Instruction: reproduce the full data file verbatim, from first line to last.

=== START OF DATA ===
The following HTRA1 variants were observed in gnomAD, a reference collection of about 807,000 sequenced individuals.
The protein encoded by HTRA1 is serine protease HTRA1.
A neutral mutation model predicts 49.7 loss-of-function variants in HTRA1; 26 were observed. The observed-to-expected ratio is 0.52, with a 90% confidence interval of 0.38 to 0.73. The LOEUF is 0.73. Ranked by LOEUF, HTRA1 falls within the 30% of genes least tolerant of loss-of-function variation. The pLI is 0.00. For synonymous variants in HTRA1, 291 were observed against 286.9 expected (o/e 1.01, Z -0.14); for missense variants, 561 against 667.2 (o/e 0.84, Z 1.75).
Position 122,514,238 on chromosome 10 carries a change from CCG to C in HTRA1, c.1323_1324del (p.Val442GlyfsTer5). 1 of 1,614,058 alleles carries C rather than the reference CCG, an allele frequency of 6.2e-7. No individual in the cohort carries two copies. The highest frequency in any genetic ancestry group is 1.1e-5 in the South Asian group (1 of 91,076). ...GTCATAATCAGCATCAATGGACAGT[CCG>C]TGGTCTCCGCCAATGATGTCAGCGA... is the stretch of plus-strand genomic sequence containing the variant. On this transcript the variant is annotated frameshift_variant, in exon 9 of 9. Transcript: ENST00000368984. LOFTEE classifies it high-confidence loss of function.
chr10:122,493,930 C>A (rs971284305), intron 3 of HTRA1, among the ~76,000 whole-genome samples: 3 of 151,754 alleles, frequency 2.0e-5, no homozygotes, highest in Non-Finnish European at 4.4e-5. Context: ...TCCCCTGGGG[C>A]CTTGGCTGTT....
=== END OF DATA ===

The following HTRA1 variants were observed in gnomAD, a reference collection of about 807,000 sequenced individuals.
The protein encoded by HTRA1 is serine protease HTRA1.
A neutral mutation model predicts 49.7 loss-of-function variants in HTRA1; 26 were observed. The observed-to-expected ratio is 0.52, with a 90% confidence interval of 0.38 to 0.73. The LOEUF is 0.73. Ranked by LOEUF, HTRA1 falls within the 30% of genes least tolerant of loss-of-function variation. The pLI is 0.00. For synonymous variants in HTRA1, 291 were observed against 286.9 expected (o/e 1.01, Z -0.14); for missense variants, 561 against 667.2 (o/e 0.84, Z 1.75).
Position 122,514,238 on chromosome 10 carries a change from CCG to C in HTRA1, c.1323_1324del (p.Val442GlyfsTer5). 1 of 1,614,058 alleles carries C rather than the reference CCG, an allele frequency of 6.2e-7. No individual in the cohort carries two copies. The highest frequency in any genetic ancestry group is 1.1e-5 in the South Asian group (1 of 91,076). ...GTCATAATCAGCATCAATGGACAGT[CCG>C]TGGTCTCCGCCAATGATGTCAGCGA... is the stretch of plus-strand genomic sequence containing the variant. On this transcript the variant is annotated frameshift_variant, in exon 9 of 9. Transcript: ENST00000368984. LOFTEE classifies it high-confidence loss of function.
chr10:122,493,930 C>A (rs971284305), intron 3 of HTRA1, among the ~76,000 whole-genome samples: 3 of 151,754 alleles, frequency 2.0e-5, no homozygotes, highest in Non-Finnish European at 4.4e-5. Context: ...TCCCCTGGGG[C>A]CTTGGCTGTT....